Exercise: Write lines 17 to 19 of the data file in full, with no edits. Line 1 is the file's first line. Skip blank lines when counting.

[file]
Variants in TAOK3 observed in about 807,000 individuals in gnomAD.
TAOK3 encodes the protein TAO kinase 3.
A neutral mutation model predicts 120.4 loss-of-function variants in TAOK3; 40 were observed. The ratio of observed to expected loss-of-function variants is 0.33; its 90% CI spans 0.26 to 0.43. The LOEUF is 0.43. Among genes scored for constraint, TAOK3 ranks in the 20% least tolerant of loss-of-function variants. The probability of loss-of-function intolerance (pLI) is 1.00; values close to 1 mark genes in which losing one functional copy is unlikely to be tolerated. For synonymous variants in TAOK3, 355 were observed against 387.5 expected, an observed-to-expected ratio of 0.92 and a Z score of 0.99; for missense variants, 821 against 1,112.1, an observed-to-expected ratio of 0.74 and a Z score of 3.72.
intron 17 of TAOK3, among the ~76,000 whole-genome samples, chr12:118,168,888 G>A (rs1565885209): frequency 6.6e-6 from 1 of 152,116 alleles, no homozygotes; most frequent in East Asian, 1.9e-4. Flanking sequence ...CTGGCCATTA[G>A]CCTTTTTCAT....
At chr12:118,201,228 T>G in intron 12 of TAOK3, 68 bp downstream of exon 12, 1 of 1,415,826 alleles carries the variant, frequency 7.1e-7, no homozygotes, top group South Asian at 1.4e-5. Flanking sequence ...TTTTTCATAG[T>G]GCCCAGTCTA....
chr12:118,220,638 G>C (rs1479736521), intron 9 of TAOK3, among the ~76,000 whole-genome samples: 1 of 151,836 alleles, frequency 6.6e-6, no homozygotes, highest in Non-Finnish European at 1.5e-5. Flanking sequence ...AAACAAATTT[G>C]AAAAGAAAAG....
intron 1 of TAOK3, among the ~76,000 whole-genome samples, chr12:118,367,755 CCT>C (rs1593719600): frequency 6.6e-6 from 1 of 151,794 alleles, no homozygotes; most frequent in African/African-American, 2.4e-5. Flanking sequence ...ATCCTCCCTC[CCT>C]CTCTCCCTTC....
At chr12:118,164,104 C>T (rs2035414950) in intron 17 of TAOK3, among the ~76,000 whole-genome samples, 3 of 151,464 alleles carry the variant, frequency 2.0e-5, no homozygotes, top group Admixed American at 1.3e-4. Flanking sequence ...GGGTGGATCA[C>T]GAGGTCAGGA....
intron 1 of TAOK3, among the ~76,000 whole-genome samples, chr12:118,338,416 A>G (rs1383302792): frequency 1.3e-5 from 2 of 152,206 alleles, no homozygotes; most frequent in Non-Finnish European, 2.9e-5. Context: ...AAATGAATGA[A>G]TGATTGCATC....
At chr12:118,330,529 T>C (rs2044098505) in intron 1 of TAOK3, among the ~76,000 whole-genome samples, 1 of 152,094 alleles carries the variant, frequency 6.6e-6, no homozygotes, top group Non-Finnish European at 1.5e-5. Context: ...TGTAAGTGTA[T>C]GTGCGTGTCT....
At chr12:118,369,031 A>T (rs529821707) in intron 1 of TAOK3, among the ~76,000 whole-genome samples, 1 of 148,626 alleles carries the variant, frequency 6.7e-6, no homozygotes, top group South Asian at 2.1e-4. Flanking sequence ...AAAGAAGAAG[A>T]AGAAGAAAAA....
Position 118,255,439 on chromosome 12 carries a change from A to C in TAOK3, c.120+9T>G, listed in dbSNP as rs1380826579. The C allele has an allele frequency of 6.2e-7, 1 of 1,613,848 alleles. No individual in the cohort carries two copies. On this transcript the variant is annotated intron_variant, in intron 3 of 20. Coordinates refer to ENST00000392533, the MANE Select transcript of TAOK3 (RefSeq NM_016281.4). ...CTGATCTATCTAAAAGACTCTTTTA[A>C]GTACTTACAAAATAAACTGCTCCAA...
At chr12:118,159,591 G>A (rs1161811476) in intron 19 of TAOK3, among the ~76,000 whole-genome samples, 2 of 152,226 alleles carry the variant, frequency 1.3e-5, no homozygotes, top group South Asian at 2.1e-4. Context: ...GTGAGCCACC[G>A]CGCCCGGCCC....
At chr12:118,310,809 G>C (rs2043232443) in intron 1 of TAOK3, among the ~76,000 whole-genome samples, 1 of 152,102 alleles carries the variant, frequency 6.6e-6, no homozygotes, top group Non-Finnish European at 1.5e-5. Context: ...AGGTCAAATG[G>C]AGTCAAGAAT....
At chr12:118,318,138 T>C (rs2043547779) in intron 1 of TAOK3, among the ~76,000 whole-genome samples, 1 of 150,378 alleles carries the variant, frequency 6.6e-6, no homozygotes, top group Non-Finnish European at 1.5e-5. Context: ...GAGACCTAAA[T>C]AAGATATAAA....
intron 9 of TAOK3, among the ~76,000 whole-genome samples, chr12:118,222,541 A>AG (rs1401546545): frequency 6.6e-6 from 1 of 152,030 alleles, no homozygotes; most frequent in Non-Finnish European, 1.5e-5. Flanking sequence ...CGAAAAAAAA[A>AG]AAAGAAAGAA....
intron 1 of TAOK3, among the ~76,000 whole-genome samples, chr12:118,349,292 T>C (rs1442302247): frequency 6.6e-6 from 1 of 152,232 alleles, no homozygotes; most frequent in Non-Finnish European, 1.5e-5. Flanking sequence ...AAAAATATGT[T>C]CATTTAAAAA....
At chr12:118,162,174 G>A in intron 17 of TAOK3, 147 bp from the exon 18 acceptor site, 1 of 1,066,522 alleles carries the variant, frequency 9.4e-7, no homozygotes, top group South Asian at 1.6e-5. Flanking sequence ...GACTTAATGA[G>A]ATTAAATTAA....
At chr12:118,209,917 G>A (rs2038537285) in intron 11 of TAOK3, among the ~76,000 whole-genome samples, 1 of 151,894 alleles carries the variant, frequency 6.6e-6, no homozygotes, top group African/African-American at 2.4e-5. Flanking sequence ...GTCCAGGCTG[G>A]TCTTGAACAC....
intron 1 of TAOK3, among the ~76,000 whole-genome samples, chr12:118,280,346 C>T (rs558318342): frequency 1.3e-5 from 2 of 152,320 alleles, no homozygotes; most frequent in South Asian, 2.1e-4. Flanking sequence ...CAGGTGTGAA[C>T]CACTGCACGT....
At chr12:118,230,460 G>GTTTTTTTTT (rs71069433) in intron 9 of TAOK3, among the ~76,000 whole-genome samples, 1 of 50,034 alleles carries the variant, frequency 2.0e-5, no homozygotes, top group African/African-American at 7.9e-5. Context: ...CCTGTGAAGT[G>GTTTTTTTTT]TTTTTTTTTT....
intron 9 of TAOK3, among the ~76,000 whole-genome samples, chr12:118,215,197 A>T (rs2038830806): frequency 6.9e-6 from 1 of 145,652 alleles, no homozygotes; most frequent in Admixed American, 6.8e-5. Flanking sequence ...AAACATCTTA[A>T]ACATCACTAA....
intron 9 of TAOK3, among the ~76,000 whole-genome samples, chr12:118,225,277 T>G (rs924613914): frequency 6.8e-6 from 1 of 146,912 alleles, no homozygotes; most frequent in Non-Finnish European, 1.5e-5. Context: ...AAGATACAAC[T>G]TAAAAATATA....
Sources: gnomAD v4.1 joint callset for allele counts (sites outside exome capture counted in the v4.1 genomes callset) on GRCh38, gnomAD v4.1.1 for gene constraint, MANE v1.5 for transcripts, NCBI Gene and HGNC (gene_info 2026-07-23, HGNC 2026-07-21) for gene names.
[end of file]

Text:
intron 1 of TAOK3, among the ~76,000 whole-genome samples, chr12:118,349,292 T>C (rs1442302247): frequency 6.6e-6 from 1 of 152,232 alleles, no homozygotes; most frequent in Non-Finnish European, 1.5e-5. Flanking sequence ...AAAAATATGT[T>C]CATTTAAAAA....
At chr12:118,162,174 G>A in intron 17 of TAOK3, 147 bp from the exon 18 acceptor site, 1 of 1,066,522 alleles carries the variant, frequency 9.4e-7, no homozygotes, top group South Asian at 1.6e-5. Flanking sequence ...GACTTAATGA[G>A]ATTAAATTAA....
At chr12:118,209,917 G>A (rs2038537285) in intron 11 of TAOK3, among the ~76,000 whole-genome samples, 1 of 151,894 alleles carries the variant, frequency 6.6e-6, no homozygotes, top group African/African-American at 2.4e-5. Flanking sequence ...GTCCAGGCTG[G>A]TCTTGAACAC....